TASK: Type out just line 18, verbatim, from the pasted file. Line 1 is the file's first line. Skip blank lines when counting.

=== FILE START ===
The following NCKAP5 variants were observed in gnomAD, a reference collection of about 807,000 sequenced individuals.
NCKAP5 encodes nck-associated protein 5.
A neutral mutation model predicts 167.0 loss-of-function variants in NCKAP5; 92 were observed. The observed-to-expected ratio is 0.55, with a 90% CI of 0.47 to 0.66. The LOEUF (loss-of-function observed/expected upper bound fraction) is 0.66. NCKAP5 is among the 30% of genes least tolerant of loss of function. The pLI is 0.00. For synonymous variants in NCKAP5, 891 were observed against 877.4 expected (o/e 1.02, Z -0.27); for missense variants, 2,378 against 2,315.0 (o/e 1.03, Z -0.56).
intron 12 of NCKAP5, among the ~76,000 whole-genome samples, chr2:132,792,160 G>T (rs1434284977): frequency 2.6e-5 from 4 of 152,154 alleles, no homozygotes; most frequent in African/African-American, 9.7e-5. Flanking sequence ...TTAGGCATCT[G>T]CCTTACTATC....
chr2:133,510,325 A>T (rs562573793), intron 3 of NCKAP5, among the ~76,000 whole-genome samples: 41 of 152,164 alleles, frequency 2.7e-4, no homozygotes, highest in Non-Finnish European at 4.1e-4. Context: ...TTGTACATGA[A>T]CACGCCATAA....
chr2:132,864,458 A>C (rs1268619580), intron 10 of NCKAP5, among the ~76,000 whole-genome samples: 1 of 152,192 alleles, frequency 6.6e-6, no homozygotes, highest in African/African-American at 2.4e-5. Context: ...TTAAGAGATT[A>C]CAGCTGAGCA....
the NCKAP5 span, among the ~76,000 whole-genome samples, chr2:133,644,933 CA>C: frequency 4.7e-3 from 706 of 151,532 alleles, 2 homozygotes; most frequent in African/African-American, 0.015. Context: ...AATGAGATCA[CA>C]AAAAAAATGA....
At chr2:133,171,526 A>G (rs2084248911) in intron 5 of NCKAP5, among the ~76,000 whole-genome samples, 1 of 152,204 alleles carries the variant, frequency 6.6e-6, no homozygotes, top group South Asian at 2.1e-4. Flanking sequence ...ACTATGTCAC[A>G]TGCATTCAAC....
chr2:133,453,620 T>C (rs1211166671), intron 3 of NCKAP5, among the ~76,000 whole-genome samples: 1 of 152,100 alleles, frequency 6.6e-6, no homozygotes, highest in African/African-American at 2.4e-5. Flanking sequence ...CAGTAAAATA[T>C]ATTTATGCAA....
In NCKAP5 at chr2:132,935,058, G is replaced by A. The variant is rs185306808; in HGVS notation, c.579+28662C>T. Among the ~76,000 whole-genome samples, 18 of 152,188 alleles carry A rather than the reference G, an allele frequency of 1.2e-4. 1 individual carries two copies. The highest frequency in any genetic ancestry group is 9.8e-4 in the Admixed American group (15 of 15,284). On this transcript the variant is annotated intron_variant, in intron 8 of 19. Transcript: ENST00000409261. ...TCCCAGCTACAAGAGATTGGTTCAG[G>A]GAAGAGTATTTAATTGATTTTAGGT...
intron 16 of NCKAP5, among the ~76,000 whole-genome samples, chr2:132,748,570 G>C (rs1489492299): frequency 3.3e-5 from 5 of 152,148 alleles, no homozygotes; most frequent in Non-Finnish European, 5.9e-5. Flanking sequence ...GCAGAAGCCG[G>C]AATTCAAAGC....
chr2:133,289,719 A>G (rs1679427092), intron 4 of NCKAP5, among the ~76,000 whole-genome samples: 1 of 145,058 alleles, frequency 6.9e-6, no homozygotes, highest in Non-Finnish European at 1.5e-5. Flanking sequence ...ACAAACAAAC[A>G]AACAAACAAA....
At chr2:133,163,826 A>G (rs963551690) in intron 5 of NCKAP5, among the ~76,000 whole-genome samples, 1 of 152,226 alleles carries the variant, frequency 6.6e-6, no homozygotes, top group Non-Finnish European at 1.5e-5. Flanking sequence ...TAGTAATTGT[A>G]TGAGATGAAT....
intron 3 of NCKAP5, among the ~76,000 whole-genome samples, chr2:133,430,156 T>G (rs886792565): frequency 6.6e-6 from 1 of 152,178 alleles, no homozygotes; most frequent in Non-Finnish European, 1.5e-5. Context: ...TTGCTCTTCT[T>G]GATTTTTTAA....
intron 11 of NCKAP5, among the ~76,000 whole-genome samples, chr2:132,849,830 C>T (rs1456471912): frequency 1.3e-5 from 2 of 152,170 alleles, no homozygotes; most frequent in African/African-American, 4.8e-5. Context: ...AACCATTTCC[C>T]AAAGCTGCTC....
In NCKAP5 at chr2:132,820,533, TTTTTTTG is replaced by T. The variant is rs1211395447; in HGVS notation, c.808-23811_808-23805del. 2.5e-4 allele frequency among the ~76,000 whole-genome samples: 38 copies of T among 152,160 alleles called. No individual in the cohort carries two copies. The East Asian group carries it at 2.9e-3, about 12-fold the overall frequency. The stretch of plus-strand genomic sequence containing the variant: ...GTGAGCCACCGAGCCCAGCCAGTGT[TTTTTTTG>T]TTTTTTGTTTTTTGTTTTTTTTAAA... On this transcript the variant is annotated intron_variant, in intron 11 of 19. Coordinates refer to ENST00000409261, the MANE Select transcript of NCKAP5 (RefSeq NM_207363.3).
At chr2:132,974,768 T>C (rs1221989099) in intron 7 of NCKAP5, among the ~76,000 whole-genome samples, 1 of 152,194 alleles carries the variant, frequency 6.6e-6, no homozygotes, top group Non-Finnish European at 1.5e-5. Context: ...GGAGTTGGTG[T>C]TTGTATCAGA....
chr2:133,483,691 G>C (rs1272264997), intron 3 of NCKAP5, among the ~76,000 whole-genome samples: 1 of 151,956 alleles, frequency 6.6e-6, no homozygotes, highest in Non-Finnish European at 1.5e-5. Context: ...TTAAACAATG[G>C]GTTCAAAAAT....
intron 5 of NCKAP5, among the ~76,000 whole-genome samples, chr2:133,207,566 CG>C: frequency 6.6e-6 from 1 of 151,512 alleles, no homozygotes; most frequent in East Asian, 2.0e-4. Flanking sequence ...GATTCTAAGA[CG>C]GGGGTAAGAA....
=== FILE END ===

chr2:133,483,691 G>C (rs1272264997), intron 3 of NCKAP5, among the ~76,000 whole-genome samples: 1 of 151,956 alleles, frequency 6.6e-6, no homozygotes, highest in Non-Finnish European at 1.5e-5. Context: ...TTAAACAATG[G>C]GTTCAAAAAT....